Lighttpd (pronounced “lighty”) is purposefully lightweight Web (HTTP) server software that promises to provide fast responses to HTTP requests by making efficient use of existing hardware resources, such as CPU speed. This makes Lighttpd an especially good choice for hosting Web sites that are hosted on relatively underpowered devices, such as a Raspberry Pi.
- 1 Installing
- 2 Configuring
- 3 Hardening
On Debian-derived GNU/Linux distributions, install
sudo apt install lighttpd
- Configure the
lighttpdprocess itself. This is done by writing a configuration file and placing it in a conventional place, which is usually
- TK-TODO: If you did an
apt install lighttpd, this file probably already exists and has mostly sensible defaults already. Thanks, Debian Lighttpd package maintainers! :)
- When finished, ensure that the new configuration is sound by testing it for syntax errors, loading and initializing the defined modules, and then exiting:
sudo lighttpd -tt
Lighttpd performs no logging by default. :) Thanks, Lighttpd, developers! If you are troubleshooting an issue with your Lighttpd instance, you can enable error logging by placing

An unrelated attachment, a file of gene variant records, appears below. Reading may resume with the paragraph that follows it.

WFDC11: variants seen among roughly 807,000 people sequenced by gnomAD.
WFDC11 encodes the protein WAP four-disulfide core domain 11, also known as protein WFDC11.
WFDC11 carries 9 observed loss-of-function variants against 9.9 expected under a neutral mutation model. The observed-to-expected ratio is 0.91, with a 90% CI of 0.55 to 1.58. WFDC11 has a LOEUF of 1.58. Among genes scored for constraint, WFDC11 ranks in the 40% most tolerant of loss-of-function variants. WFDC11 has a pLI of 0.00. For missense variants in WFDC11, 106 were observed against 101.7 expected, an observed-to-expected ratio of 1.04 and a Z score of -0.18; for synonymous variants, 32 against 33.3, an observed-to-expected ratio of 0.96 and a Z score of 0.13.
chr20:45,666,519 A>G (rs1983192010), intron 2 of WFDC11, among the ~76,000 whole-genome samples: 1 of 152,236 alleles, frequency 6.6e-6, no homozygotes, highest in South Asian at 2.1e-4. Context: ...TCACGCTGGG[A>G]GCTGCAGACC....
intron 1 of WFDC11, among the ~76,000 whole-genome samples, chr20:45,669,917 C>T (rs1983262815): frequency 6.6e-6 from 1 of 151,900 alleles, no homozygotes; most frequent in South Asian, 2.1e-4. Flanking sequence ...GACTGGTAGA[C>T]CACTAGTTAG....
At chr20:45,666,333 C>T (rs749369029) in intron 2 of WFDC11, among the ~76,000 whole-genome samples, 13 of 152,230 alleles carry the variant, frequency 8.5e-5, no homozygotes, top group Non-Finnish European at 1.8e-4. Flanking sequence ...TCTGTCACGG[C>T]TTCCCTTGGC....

server.errorlog into your server’s configuration file(s):
# Uncomment to (re-)enable error logging. #server.errorlog = "/var/log/lighttpd/error.log"
Disable banners in HTTP responses¶
By default, Lighttpd will identify itself in the
Server HTTP response header as the software servicing the client’s request. We have no need for this. You can disable this by applying the following Lighttpd configuration value:
server.tag = ""
Disallow access to the source of executable resources¶
# Never respond to requests for files ending in `.php` (PHP), `.pl` (Perl), or `.fcgi` (can be various languages) # with the source code contained in the file itself. These are programs whose output should be returned to the # requesting client, not files whose contents should be handed to the client verbatim. static-file.exclude-extensions = ( ".php", ".pl", ".fcgi" ) # Be sure to include in this list any additional file extensions that you use for executables.
Disallow command execution via server-side includes¶
If you are using Lighttpd’s
mod_ssi (the server-side includes, or SSI module), be cautious about enabling arbitrary command execution:
# Earlier in the configuration… server.modules = ( "mod_ssi", ) # …and some time later in the configuration: ssi.exec = "disable"